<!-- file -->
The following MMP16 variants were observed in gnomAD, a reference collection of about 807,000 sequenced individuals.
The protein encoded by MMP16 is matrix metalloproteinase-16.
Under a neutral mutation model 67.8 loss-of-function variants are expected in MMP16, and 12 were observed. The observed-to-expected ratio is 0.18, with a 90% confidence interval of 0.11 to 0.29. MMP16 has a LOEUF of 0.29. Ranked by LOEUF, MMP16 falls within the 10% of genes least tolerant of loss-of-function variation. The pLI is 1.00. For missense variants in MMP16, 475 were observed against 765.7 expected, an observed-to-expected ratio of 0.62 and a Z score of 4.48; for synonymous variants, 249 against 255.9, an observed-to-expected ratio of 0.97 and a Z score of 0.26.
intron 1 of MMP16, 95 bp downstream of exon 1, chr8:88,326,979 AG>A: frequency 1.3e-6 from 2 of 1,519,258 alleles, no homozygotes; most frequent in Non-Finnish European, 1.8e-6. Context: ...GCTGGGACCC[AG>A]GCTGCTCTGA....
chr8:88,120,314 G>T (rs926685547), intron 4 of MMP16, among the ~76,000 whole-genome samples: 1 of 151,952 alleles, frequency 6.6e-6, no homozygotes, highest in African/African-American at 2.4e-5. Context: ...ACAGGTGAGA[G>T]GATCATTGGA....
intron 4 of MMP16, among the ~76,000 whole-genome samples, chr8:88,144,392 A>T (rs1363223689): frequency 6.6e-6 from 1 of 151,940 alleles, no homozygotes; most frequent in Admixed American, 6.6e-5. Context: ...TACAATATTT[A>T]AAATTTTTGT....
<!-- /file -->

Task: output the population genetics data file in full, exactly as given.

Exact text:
The following MMP16 variants were observed in gnomAD, a reference collection of about 807,000 sequenced individuals.
The protein encoded by MMP16 is matrix metalloproteinase-16.
Under a neutral mutation model 67.8 loss-of-function variants are expected in MMP16, and 12 were observed. The observed-to-expected ratio is 0.18, with a 90% confidence interval of 0.11 to 0.29. MMP16 has a LOEUF of 0.29. Ranked by LOEUF, MMP16 falls within the 10% of genes least tolerant of loss-of-function variation. The pLI is 1.00. For missense variants in MMP16, 475 were observed against 765.7 expected, an observed-to-expected ratio of 0.62 and a Z score of 4.48; for synonymous variants, 249 against 255.9, an observed-to-expected ratio of 0.97 and a Z score of 0.26.
intron 1 of MMP16, 95 bp downstream of exon 1, chr8:88,326,979 AG>A: frequency 1.3e-6 from 2 of 1,519,258 alleles, no homozygotes; most frequent in Non-Finnish European, 1.8e-6. Context: ...GCTGGGACCC[AG>A]GCTGCTCTGA....
chr8:88,120,314 G>T (rs926685547), intron 4 of MMP16, among the ~76,000 whole-genome samples: 1 of 151,952 alleles, frequency 6.6e-6, no homozygotes, highest in African/African-American at 2.4e-5. Context: ...ACAGGTGAGA[G>T]GATCATTGGA....
intron 4 of MMP16, among the ~76,000 whole-genome samples, chr8:88,144,392 A>T (rs1363223689): frequency 6.6e-6 from 1 of 151,940 alleles, no homozygotes; most frequent in Admixed American, 6.6e-5. Context: ...TACAATATTT[A>T]AAATTTTTGT....